IT'S THAT TIME OF YEAR AGAIN, EVERYBODY. They've let Tim Beckman out of his tiny pool, gently removed the arm floaties, and put him in front of reporters. Let's see how that's going!
DID YOU THROW THE BALL OR NOT AHHHHH
Illinois kept this person because he led their football program to a better than average performance for them, which is usually why you keep a football coach. Funny ol' world.
OKAY BUT SERIOUSLY. Whenever I see Tim Beckman put in a low-pressure situation and asked softball questions he looks like a dog that doesn't know whether you're going to throw the stick or beat him with it. How does this person get past a job interview, let alone a Head Football Coach job interview?
That is a high pressure situation in which questions like "why on Earth would we pick a guy with one good season in the MAC with an outlying turnover ratio to coach our team?" get asked. Was the answer Illinois sought "uh, team performance leads to excellence in all our endeavors"? Did they not notice when he repeated that when they asked him what he wanted for lunch?
Help me understand. I do not understand.
Also at Big Ten Media Days. Harbaugh finna get himself shivved bae*:
— Sean Churchill (@SeanChurchy) July 31, 2015
Also, and always, Beckman.
*[I think? I may have just said "Harbaugh I fart on myself" in teentwitterese.]
Also also at Big Ten Media days. Never let it be said this is not journalism.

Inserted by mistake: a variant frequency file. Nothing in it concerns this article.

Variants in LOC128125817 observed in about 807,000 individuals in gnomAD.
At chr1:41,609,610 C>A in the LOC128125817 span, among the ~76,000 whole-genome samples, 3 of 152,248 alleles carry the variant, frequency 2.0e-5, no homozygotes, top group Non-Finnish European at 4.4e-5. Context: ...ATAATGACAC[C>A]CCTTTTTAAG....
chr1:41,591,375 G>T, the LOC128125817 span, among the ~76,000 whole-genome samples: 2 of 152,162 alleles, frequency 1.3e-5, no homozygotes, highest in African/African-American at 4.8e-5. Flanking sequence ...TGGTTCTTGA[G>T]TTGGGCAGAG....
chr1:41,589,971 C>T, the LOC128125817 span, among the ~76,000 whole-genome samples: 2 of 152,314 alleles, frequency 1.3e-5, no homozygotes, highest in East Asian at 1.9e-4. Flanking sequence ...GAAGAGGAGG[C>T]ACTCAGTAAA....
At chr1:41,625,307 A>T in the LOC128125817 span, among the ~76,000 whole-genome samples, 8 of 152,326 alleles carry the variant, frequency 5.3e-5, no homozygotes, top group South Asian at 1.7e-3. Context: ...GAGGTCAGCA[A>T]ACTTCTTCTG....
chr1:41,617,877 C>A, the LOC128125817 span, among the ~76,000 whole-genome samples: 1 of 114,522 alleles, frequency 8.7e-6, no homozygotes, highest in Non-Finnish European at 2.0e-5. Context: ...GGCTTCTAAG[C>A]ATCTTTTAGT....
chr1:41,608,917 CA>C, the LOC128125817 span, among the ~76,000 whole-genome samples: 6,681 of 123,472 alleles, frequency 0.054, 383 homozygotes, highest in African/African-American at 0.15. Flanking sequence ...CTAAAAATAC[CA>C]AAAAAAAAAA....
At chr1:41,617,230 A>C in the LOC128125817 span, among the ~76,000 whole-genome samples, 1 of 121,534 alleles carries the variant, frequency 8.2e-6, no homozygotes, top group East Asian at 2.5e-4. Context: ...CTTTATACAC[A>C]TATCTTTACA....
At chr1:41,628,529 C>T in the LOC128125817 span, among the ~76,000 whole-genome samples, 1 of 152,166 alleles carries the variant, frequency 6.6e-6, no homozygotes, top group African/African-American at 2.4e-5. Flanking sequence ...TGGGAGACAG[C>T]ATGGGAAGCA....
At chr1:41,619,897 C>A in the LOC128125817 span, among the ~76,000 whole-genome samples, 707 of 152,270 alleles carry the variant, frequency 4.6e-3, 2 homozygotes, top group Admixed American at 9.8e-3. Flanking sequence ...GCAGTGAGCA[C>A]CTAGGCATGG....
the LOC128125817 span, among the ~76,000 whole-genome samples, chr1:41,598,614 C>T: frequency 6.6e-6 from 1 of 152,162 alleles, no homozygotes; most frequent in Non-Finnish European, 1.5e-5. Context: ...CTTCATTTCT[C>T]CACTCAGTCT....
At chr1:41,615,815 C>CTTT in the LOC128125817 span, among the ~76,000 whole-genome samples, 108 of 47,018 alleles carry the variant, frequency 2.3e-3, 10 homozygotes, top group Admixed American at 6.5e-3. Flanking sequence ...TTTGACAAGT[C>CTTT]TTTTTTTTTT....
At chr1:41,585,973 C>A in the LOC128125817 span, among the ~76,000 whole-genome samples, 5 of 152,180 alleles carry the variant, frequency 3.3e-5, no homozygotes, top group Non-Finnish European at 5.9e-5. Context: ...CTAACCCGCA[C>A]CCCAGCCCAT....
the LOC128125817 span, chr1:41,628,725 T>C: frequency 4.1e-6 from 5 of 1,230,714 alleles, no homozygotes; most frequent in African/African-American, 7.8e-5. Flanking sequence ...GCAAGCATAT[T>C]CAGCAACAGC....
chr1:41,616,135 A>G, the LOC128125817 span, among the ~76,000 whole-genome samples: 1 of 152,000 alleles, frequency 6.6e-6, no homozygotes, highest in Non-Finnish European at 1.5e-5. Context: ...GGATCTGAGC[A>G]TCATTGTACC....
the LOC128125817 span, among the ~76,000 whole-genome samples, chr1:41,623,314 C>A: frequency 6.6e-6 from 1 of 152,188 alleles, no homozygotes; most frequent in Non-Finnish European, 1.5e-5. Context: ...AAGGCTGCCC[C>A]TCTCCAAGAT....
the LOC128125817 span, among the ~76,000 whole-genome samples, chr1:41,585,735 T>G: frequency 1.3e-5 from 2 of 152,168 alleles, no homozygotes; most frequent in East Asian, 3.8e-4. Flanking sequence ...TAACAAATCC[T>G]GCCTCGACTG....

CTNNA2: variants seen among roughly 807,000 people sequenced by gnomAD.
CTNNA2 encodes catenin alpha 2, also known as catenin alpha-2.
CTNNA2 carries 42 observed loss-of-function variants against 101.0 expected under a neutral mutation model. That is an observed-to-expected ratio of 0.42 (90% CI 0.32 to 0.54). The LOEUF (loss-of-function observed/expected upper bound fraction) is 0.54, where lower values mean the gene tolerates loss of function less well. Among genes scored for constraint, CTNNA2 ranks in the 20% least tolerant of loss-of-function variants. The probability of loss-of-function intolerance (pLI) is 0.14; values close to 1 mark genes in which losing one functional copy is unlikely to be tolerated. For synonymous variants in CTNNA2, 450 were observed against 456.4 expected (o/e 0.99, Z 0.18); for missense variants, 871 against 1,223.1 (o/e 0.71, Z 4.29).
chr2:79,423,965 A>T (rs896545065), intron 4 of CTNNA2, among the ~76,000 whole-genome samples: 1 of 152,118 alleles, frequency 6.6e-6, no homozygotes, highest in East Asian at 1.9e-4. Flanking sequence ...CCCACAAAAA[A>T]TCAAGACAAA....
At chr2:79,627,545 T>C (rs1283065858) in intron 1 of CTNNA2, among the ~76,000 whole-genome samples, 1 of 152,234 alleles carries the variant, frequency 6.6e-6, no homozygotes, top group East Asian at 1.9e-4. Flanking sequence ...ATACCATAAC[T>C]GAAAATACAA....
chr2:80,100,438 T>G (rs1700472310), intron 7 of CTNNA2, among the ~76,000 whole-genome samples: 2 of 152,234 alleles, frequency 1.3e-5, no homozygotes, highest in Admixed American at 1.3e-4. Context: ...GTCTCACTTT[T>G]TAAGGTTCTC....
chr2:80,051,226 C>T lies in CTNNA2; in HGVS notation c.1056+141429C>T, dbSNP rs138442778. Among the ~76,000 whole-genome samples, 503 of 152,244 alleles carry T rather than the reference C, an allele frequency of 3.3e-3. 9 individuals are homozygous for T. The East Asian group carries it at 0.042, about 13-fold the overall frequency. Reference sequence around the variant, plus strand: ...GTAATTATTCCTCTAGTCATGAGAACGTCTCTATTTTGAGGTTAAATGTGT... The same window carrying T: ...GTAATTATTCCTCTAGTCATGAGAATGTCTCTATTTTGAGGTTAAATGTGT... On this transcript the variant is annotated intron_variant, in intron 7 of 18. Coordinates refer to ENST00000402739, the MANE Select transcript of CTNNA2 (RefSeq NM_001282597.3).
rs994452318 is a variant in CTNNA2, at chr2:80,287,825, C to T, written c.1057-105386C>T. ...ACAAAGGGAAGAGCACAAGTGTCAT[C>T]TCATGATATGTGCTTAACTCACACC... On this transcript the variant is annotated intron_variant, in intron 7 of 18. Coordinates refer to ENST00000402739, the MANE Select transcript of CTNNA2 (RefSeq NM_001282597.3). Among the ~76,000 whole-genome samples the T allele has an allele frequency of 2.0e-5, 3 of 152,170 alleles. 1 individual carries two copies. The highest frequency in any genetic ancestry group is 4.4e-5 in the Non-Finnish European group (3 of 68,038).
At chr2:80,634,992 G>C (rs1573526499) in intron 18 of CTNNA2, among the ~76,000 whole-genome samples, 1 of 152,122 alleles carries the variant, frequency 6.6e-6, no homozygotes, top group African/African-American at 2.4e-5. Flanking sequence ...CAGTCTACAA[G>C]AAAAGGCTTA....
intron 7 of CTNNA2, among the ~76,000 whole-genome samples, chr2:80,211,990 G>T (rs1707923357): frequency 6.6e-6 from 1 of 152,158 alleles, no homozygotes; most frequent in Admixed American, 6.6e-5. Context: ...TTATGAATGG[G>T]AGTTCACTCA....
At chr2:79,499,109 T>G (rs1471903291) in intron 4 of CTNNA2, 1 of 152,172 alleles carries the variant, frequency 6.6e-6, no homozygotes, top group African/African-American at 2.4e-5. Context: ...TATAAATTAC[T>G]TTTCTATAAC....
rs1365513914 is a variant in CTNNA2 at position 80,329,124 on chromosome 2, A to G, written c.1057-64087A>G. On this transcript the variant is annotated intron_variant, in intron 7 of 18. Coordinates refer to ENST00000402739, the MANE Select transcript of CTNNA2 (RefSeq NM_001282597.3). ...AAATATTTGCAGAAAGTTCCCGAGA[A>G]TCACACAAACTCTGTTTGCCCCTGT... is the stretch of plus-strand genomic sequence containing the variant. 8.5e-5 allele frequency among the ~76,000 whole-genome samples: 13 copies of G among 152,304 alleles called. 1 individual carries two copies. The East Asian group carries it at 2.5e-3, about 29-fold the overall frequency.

"Saade is a self-taught taxidermist and says that the job can actually be quite lucrative." Got a lot of dead chipmunks around the house. Dunno why. Mother keeps saying something about mah sleepwalking. Mother says she don't wanna say when I ask why such a thing would happen. Mother says waste not want not. Mother don't remember which team won that crazy overtime game from a few years back on account of her blackout. Mother is pretty sure though. Mother is always right.
Mother says this is how it's always been and how it always will be, mother and the chipmunks and the always recovering on-side kicks and never ever havin nobody named Braylon she knows about, no nothin. That ain't even a name she says. Who ever heard of a name like that. Who ever heard of that.
Sometimes I think I ain't sleep-murderin no chipmunks but I know better than to say so.
You know, for a turkey that's on the lam there seem to be a lot of photos of it in the same place. God, I wish this had happened when I was in college.
If I could fight a turkey on my way to discrete math I would be so happy.
"Do not try to approach the turkey," she said. "We've gotten calls from people who have been trapped and unable to move because he's cornered them."
The symptom. It's hard to blame Devin Funchess for his occasional lackadaisical play last year. If I was suffused with ennui it's hard to imagine what he was going through. But that's the thing about coaching: it is your job to get people to play to the best of their ability. Brady Hoke did not do this, and Funchess was the best example last year.
Here is confirmation of that from what's annually the best thing to come out of Big Ten Media Days, Mike Spath's article where he offers anonymity in exchange for real talk:
"They had a guy that on paper was just a nightmare because he was so tall, and big - he was supposed to be a tight end but they played him at wide receiver [Devin Funchess] - and man all week our coaches just kept saying, 'We've got no one that can match up with him. No one that can stop this kid.'
"It was motivating and I was foaming at the mouth, but I built him up into this goliath that was going to take my best effort, and he took a lot less than that. He didn't seem to care at all about helping his quarterback out.